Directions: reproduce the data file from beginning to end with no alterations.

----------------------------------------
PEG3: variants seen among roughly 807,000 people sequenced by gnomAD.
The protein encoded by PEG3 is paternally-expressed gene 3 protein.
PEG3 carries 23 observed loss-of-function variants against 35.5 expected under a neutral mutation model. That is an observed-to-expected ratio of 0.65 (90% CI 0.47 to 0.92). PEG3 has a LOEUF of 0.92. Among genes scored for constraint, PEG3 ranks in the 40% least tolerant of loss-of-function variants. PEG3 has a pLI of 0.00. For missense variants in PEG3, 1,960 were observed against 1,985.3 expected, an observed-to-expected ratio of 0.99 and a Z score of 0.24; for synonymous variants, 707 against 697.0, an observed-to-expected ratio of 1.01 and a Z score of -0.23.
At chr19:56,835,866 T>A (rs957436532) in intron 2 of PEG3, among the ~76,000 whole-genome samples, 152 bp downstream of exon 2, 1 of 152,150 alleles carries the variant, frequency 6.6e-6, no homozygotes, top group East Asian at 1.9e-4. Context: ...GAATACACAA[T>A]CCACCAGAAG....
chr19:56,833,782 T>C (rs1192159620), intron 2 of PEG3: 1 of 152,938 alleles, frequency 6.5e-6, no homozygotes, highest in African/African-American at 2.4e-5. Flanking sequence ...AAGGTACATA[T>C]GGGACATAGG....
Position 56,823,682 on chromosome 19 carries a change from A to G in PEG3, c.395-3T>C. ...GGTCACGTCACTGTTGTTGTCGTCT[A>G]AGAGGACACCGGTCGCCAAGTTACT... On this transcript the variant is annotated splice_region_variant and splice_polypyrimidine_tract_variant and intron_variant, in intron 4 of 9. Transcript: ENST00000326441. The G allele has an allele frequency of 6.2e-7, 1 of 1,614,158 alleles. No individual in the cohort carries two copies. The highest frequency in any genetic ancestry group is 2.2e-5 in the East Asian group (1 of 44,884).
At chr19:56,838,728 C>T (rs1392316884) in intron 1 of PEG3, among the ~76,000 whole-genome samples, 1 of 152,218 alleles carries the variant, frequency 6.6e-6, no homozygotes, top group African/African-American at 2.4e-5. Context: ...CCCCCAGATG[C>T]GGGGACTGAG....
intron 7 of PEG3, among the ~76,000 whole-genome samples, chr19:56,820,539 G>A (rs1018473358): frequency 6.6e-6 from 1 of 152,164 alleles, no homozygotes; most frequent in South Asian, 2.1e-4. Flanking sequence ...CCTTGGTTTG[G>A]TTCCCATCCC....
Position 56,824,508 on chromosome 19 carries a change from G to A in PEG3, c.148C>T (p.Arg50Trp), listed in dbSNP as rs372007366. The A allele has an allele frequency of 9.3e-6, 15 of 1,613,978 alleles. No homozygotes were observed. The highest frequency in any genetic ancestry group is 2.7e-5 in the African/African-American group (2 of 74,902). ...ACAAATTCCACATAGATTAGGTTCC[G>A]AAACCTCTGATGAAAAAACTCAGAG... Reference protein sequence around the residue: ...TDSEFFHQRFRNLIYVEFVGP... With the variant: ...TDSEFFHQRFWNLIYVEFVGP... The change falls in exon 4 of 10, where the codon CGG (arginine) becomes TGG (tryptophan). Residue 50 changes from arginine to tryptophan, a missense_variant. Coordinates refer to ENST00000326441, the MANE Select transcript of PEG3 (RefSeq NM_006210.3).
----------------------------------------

PEG3: variants seen among roughly 807,000 people sequenced by gnomAD.
The protein encoded by PEG3 is paternally-expressed gene 3 protein.
PEG3 carries 23 observed loss-of-function variants against 35.5 expected under a neutral mutation model. That is an observed-to-expected ratio of 0.65 (90% CI 0.47 to 0.92). PEG3 has a LOEUF of 0.92. Among genes scored for constraint, PEG3 ranks in the 40% least tolerant of loss-of-function variants. PEG3 has a pLI of 0.00. For missense variants in PEG3, 1,960 were observed against 1,985.3 expected, an observed-to-expected ratio of 0.99 and a Z score of 0.24; for synonymous variants, 707 against 697.0, an observed-to-expected ratio of 1.01 and a Z score of -0.23.
At chr19:56,835,866 T>A (rs957436532) in intron 2 of PEG3, among the ~76,000 whole-genome samples, 152 bp downstream of exon 2, 1 of 152,150 alleles carries the variant, frequency 6.6e-6, no homozygotes, top group East Asian at 1.9e-4. Context: ...GAATACACAA[T>A]CCACCAGAAG....
chr19:56,833,782 T>C (rs1192159620), intron 2 of PEG3: 1 of 152,938 alleles, frequency 6.5e-6, no homozygotes, highest in African/African-American at 2.4e-5. Flanking sequence ...AAGGTACATA[T>C]GGGACATAGG....
Position 56,823,682 on chromosome 19 carries a change from A to G in PEG3, c.395-3T>C. ...GGTCACGTCACTGTTGTTGTCGTCT[A>G]AGAGGACACCGGTCGCCAAGTTACT... On this transcript the variant is annotated splice_region_variant and splice_polypyrimidine_tract_variant and intron_variant, in intron 4 of 9. Transcript: ENST00000326441. The G allele has an allele frequency of 6.2e-7, 1 of 1,614,158 alleles. No individual in the cohort carries two copies. The highest frequency in any genetic ancestry group is 2.2e-5 in the East Asian group (1 of 44,884).
At chr19:56,838,728 C>T (rs1392316884) in intron 1 of PEG3, among the ~76,000 whole-genome samples, 1 of 152,218 alleles carries the variant, frequency 6.6e-6, no homozygotes, top group African/African-American at 2.4e-5. Context: ...CCCCCAGATG[C>T]GGGGACTGAG....
intron 7 of PEG3, among the ~76,000 whole-genome samples, chr19:56,820,539 G>A (rs1018473358): frequency 6.6e-6 from 1 of 152,164 alleles, no homozygotes; most frequent in South Asian, 2.1e-4. Flanking sequence ...CCTTGGTTTG[G>A]TTCCCATCCC....
Position 56,824,508 on chromosome 19 carries a change from G to A in PEG3, c.148C>T (p.Arg50Trp), listed in dbSNP as rs372007366. The A allele has an allele frequency of 9.3e-6, 15 of 1,613,978 alleles. No homozygotes were observed. The highest frequency in any genetic ancestry group is 2.7e-5 in the African/African-American group (2 of 74,902). ...ACAAATTCCACATAGATTAGGTTCC[G>A]AAACCTCTGATGAAAAAACTCAGAG... Reference protein sequence around the residue: ...TDSEFFHQRFRNLIYVEFVGP... With the variant: ...TDSEFFHQRFWNLIYVEFVGP... The change falls in exon 4 of 10, where the codon CGG (arginine) becomes TGG (tryptophan). Residue 50 changes from arginine to tryptophan, a missense_variant. Coordinates refer to ENST00000326441, the MANE Select transcript of PEG3 (RefSeq NM_006210.3).